Our family dog that Anna adores passed away today. Coco was a sweet, loving, kind dog and could be fully trusted with children of any age. She was 17 years old and had congestive heart failure and so despite multiple medications, her heart was failing. The cardiologist noted that he had never seen a heart that large before-that she was a miracle. They kept telling us she probably only had 6 months to live, but she lived 3 years past that prediction, and for that, I’m grateful. My middle daughter, age 7, asked me, “Why is her heart so big, Mama? Did she love too many people?” Precious, sometimes I do think she did because Coco was just that loving. Anna would play with Coco, but would also pull her tail at times. Coco’s position though during mealtime was always below Anna, as she waited for any droppings from Anna’s plate, or waiting until Anna herself would give her food. Anna would excitedly request to give Coco a treat every time it was time for Coco’s medicine. Anna’s chores included putting food into Coco’s bowl. She would carry the large plastic container, put it next to her food bowl, take out the scooper and pour it in. For the most part, she did well, but occasionally she would spill it all around which was ok, too, because Anna would use her little fingers to pick it right back up and into her bowl. It gave her a “chore” and a sense of responsibility, and something she can feel proud of as well so I encouraged her in this.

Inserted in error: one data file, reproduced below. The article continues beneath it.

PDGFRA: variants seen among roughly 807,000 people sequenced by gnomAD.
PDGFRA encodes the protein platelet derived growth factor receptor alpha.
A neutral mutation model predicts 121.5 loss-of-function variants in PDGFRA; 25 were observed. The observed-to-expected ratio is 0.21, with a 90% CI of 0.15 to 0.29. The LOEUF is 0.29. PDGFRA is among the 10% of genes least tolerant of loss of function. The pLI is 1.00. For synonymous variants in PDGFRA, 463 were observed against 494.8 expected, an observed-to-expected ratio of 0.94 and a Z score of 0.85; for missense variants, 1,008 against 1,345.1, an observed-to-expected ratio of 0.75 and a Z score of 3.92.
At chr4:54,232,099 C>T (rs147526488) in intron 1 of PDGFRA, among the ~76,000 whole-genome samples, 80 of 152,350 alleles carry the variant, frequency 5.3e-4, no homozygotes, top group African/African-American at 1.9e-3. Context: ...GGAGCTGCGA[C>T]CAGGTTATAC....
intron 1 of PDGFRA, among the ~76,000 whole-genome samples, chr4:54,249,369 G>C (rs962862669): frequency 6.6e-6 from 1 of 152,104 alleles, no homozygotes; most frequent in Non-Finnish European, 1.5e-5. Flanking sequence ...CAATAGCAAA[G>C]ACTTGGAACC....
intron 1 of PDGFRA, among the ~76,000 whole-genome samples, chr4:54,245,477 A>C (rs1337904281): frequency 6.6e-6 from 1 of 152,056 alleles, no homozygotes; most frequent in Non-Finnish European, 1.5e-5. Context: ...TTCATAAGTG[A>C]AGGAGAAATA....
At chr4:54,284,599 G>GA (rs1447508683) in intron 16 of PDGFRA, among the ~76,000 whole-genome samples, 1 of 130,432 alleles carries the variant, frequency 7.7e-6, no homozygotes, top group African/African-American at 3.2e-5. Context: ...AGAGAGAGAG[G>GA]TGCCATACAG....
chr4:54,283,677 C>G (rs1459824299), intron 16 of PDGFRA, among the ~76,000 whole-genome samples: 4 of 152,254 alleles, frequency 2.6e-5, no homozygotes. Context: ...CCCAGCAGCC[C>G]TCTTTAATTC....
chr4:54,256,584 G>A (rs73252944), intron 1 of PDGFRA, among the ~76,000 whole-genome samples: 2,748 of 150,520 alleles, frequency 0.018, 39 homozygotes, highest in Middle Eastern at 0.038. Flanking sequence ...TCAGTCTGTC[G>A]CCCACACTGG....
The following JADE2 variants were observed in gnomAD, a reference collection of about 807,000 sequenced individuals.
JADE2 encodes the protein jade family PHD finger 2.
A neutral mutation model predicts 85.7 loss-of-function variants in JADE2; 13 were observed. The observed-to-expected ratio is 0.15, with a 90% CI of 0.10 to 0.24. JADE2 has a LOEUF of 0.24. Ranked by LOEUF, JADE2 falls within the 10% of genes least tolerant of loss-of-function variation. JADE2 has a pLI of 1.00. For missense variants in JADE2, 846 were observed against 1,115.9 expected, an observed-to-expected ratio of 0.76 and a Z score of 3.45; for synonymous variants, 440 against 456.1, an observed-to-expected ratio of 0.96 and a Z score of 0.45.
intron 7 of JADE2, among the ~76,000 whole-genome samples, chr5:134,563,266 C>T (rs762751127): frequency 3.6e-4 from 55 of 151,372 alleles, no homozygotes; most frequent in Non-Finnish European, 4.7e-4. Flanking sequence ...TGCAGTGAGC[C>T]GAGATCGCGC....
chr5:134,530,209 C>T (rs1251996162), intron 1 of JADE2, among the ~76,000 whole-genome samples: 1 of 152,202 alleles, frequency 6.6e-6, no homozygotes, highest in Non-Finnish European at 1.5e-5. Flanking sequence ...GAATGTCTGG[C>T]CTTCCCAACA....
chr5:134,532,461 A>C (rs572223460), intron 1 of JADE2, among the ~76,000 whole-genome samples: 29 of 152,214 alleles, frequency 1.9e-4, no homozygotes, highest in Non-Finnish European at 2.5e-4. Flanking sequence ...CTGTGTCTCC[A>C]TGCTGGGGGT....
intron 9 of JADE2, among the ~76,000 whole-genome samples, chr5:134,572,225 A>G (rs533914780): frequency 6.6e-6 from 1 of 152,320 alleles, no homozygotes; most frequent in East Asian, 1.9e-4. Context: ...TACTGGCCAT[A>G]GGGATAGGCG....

When we saw that Coco was too weak to even stand, we took her to the vet and I let Anna know that this time, she would not be coming back. Anna replied, “I want Coco to go home. I want Coco to stay at home with you, me, and Cha-chan (grandma). I want Coco to stay with me.” We all do, precious, but, unfortunately it’s not possible this time. This was Anna’s first major loss at age 4. She didn’t seem to understand really which I was grateful for as opposed to my 12 year old son who cried, devastated, and heart-broken. I asked Anna to say good bye to Coco and she did. She had a smile on her face, said good bye, and then hugged and kissed her. As we got in the car to leave, she asked, “Where is Coco?” I told her, “we have to leave her here.” To this day, when we ask, “where is Coco?” Anna says, “in the hospital.” As I work through the pain, I am once again made aware of the reality that life always has its ups and its downs. There’s truly a time for everything with various “seasons” of life. For now, with Anna’s face shining brightly, I’m thankful, and I rejoice in each day that I am here with my family and recognize it as a gift.